I admit I have never read a book by Naomi Novik until about a week ago. I didn’t even realize that she was the author of Temeraire, a series that has been on my radar for a while, but I just hadn’t gotten around to picking up yet. That will be changing shortly because I was blown away by how well done A Deadly Education is. Stop reading this review now and come back after you’ve bought a copy.
Done? Good. On with the review.
Like I said, I have never read a book by Naomi Novik until a week ago. I had seen A Deadly Education in bookstores several times and read reviews about it, but the tipping point for me was when I saw a Twitter mutual (Bryanna Gary go follow her) post about how great the book is. So I bought it during one of my monthly therapy shopping sessions at the local book store.
The premise of the book is that it takes place in a somewhat evil magical school. A place with no teachers where students are left on their own for four years, forced to fend for themselves and survive near-constant attacks from monsters intent on devouring them in a myriad of horrific ways. The moment that everyone dreads is graduation when the senior class will be forced to fight their way through the worst of the monsters that couldn’t squeeze their way into the cracks in the school’s wards.
And all that is the best solution the magical community could come up with to protect their children from being preyed upon by the monsters in their closest.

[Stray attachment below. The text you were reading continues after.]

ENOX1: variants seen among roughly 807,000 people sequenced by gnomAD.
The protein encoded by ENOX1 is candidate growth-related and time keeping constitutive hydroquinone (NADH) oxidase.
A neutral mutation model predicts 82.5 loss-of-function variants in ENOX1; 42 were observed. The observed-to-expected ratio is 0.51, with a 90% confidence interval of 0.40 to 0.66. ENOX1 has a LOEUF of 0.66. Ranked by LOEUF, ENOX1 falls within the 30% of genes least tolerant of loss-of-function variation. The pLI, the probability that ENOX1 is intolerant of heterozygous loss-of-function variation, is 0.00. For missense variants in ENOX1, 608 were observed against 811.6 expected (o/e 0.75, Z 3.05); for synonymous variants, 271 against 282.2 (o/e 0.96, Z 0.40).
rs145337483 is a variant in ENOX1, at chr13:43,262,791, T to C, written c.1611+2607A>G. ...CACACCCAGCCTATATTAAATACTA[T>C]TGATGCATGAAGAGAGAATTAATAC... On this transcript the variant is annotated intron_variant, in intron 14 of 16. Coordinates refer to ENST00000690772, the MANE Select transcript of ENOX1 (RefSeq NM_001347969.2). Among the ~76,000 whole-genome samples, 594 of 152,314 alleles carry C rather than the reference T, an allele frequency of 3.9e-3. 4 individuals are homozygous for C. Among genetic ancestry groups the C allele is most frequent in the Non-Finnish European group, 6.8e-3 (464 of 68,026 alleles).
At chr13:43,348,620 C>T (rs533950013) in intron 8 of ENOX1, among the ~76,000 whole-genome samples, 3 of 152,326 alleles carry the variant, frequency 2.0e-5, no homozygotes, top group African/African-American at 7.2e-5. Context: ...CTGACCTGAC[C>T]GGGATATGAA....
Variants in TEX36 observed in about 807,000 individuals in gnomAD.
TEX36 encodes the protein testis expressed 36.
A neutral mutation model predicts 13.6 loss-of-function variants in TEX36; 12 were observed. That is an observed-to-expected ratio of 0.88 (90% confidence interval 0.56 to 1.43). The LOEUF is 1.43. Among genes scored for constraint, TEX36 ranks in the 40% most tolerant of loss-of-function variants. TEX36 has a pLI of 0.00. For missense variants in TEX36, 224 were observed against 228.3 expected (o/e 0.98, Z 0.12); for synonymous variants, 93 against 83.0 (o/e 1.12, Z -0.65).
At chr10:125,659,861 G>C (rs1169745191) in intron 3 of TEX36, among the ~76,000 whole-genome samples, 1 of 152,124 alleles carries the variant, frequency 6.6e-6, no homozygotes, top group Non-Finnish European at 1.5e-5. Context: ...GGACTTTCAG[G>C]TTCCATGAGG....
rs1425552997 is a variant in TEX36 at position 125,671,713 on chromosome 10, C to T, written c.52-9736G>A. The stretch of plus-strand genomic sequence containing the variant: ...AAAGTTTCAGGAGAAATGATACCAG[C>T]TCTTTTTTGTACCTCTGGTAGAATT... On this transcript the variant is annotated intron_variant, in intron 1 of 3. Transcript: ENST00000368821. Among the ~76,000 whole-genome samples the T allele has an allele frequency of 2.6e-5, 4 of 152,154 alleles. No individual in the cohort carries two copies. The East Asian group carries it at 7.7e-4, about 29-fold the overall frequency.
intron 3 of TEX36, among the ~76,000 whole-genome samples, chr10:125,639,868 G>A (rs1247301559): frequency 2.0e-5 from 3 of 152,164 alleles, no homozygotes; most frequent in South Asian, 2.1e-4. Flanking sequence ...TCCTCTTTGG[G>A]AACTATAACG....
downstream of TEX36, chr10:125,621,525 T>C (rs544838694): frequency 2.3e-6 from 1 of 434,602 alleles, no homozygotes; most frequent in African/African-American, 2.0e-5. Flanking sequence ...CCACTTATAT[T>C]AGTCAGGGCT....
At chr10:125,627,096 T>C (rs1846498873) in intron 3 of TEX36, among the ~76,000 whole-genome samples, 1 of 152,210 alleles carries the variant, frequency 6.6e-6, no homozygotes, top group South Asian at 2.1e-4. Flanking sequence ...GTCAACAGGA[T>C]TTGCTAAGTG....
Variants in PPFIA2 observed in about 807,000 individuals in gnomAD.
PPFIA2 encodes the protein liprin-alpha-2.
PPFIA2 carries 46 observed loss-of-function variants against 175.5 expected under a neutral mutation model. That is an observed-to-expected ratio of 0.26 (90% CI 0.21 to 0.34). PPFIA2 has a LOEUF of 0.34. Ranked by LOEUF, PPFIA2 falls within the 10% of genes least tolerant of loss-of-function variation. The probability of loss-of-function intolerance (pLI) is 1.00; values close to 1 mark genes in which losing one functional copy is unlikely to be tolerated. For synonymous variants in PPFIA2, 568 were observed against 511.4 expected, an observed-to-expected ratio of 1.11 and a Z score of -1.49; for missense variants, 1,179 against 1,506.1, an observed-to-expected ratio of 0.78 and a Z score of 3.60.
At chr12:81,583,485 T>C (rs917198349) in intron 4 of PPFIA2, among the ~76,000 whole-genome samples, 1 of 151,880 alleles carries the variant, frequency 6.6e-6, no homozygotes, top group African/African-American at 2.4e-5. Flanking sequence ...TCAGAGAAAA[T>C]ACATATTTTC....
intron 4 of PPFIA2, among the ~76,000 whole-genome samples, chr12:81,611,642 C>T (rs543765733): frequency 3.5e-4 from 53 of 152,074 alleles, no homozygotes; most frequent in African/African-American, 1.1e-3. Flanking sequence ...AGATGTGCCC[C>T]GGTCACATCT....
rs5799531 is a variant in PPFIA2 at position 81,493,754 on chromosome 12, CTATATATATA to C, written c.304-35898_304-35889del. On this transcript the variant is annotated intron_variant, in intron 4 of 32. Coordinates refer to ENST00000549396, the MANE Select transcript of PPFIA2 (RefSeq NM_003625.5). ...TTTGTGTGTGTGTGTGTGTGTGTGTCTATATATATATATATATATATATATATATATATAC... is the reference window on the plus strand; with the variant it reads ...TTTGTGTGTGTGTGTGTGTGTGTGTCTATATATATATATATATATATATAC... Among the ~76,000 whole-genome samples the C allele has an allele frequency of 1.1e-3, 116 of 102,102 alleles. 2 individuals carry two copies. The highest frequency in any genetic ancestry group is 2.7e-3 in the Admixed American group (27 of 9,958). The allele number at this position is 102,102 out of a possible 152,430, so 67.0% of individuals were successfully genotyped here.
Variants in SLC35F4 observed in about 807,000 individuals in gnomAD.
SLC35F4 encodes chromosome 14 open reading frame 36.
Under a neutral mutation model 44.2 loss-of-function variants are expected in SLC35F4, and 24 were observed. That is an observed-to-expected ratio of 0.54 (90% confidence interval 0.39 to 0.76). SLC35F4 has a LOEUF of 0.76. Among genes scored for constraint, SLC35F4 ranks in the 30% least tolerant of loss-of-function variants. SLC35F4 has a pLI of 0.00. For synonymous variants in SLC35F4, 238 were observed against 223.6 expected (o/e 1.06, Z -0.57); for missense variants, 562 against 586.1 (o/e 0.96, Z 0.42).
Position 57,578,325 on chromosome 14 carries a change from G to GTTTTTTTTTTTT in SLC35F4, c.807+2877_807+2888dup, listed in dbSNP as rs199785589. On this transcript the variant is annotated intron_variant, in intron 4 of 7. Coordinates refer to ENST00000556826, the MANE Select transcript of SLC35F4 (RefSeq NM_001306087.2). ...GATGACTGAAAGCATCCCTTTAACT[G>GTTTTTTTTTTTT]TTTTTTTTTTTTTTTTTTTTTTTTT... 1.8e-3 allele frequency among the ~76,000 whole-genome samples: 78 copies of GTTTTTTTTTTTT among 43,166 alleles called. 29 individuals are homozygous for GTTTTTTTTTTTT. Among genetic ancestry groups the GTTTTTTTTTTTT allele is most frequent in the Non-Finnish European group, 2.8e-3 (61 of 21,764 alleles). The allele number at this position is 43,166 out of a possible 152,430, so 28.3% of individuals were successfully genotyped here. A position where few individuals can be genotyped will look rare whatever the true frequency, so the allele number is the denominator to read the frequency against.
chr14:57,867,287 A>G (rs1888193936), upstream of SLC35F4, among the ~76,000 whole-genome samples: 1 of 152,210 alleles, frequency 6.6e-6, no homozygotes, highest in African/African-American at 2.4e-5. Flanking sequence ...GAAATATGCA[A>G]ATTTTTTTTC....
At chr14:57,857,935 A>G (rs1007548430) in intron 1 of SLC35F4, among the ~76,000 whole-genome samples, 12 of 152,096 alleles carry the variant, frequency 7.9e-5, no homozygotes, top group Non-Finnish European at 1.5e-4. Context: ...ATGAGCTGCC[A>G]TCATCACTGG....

At first glance, the book seems to promise a grimdark setting with a protagonist who is something of an antihero. Don’t get me wrong; this school seems to be a terrible place to live. But the protagonist Galadriel, rather than being an antihero, is someone who has been given every reason to believe that she will become one. Everyone around her seems to dislike her instantly, and she has an unwanted gift for casting spells of mass destruction.
All this has made her bitter and angry, and she tends to lash out at those around her, even on the rare occasions that they do try to be friends. The book is also written in first person, so we get to see that she is fully aware that she is making these mistakes as she makes them. By the end of the book, she finally begins to make friends and even seems to force some of her classmates to become better people in the process or at least try. We also get a look into a deeply fascinating new fantasy setting that includes a school that seems determined to torture its students in an almost loving way.
It’s a good book. Go buy it.